In Shakespeare's Julius Caesar, what consequences do you think Brutus faced based on the choices he made?
1 Answer | Add Yours
Shakespeare's Julius Caesar employs Brutus as the protagonist for the play. It is Brutus's decisions that propel the play forward. Brutus is a popular senator, and the people of Rome trust him. In addition, he was a friend of Caesar.
After many sleepless nights, Brutus decides that Rome will suffer if it has a dictator and emperor. He fears Caesar's lust for power and his ambition; therefore, he associates himself with the conspirators thinking that they have the same feelings.
Because of his decision to join the assassination, Brutus loses everything that mattered to him. He fails to follow the experience of Cassius and listen to his recommendations. Every choice that Brutus makes against the advice of Cassius moves the conspirators toward their deaths.
What were these resolves made by Brutus?
He made his decision to join the conspiracy knowing that he had never seen Caesar do anything but good for the Roman people.
His judgments are made on the possibility that Caesar might change not on actual facts. He kills Caesar for what might occur.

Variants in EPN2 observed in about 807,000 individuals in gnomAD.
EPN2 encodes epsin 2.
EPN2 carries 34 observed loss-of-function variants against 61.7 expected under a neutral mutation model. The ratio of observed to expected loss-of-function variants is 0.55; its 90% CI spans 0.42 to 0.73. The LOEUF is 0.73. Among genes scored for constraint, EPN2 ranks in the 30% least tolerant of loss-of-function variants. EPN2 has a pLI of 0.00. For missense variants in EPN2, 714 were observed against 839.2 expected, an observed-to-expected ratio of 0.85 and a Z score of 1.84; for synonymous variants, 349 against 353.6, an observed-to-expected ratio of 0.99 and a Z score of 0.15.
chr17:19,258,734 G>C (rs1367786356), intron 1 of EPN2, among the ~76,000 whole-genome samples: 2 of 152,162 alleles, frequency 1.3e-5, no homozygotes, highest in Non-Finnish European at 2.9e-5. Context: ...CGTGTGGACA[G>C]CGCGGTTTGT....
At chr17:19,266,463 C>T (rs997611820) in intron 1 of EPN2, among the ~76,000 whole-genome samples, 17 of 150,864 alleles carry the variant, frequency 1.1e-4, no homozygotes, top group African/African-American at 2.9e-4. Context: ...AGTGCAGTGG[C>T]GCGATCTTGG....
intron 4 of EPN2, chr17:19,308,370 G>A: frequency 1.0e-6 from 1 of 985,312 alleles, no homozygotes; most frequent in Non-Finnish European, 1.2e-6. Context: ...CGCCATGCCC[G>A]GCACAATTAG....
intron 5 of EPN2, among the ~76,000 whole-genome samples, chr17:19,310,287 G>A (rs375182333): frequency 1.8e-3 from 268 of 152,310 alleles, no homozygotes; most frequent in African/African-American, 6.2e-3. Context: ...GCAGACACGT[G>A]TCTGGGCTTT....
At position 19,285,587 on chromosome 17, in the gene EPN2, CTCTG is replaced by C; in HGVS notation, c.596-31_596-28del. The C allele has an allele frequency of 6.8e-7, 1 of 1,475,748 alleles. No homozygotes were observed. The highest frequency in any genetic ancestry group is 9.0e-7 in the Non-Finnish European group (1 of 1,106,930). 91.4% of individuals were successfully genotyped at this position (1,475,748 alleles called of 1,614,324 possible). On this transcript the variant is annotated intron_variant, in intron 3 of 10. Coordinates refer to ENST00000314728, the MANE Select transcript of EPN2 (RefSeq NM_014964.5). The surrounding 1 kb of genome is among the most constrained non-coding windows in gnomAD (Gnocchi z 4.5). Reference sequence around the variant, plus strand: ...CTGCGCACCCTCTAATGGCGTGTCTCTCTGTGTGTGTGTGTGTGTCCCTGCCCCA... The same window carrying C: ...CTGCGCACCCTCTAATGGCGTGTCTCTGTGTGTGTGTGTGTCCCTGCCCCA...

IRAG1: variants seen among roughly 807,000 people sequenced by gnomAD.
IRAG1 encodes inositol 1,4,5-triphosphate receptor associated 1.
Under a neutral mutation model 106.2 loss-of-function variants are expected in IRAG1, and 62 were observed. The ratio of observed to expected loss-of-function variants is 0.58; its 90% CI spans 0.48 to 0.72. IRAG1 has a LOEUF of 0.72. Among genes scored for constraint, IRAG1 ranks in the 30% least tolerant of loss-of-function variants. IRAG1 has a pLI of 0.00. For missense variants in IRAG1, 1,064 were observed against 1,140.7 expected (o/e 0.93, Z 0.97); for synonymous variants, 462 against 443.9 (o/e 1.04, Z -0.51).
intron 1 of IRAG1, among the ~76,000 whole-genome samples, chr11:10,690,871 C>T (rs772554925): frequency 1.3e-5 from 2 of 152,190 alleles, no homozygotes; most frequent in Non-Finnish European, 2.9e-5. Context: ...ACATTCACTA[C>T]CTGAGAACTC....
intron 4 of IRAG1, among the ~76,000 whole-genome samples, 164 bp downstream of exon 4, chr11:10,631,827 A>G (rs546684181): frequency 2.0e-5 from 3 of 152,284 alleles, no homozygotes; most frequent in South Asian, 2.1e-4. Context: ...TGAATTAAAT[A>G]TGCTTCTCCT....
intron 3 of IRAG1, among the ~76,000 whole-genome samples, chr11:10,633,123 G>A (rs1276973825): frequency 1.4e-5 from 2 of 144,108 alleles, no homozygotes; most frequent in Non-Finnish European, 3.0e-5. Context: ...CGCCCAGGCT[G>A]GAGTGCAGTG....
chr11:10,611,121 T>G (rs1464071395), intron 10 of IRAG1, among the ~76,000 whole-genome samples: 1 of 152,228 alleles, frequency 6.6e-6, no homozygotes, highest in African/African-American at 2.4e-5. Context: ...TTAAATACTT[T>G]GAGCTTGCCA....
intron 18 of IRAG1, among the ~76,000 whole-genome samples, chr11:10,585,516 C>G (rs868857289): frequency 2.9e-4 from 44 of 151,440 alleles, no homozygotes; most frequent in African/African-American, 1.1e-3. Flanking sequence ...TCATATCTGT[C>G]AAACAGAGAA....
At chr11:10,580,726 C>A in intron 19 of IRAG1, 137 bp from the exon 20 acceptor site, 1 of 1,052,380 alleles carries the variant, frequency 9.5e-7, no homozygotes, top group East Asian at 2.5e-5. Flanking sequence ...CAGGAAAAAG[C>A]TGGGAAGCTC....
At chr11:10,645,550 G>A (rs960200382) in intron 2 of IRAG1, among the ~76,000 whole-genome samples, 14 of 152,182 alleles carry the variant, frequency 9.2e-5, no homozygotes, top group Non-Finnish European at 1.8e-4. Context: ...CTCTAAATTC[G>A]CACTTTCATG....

- He chose to allow Marc Antony to live and to speak at the funeral.
- He left the Capitol during Antony's speech.
- Portia begs Brutus to share his thinking about the plan; he tells her that he will, but he never does.
- His beloved wife commits suicide because she believes that Brutus is dead.
- Even though Cassius is a more seasoned soldier, Brutus overrides Cassius in moving the army to fight at Philippi.
- When the ghost of Caesar appears, Brutus ignores the warnings of the evil spirit.
Brutus loses everything that was important to him including his own life. Sadly, he was the only one of the assassins that actually killed Caesar for the good of Rome. Cassius, the instigator of the plot, hated Caesar for personal reasons.
Marc Antony bestows a great compliment on Brutus when he finds his body:
This was the noblest Roman of them all:
All the conspirators, save only he
Did that they did in envy of great Caesar,
He, only in a general honest thought
And common good to all, made one of them.
His life was gentle, and the elements
So mix'd him that Nature might stand up
And say to all the world: "This was a man!"
Brutus and his inconsistent behavior and actions lead to his death. When he knows that he will be captured by Antony, Brutus does not ask anyone to kill him. This was his responsibility. He asks one of his soldiers to hold the sword so that he might kill himself. Sadly, this was a life that could have served Rome, but he made the wrong decision.
Join to answer this question
Join a community of thousands of dedicated teachers and students.Join eNotes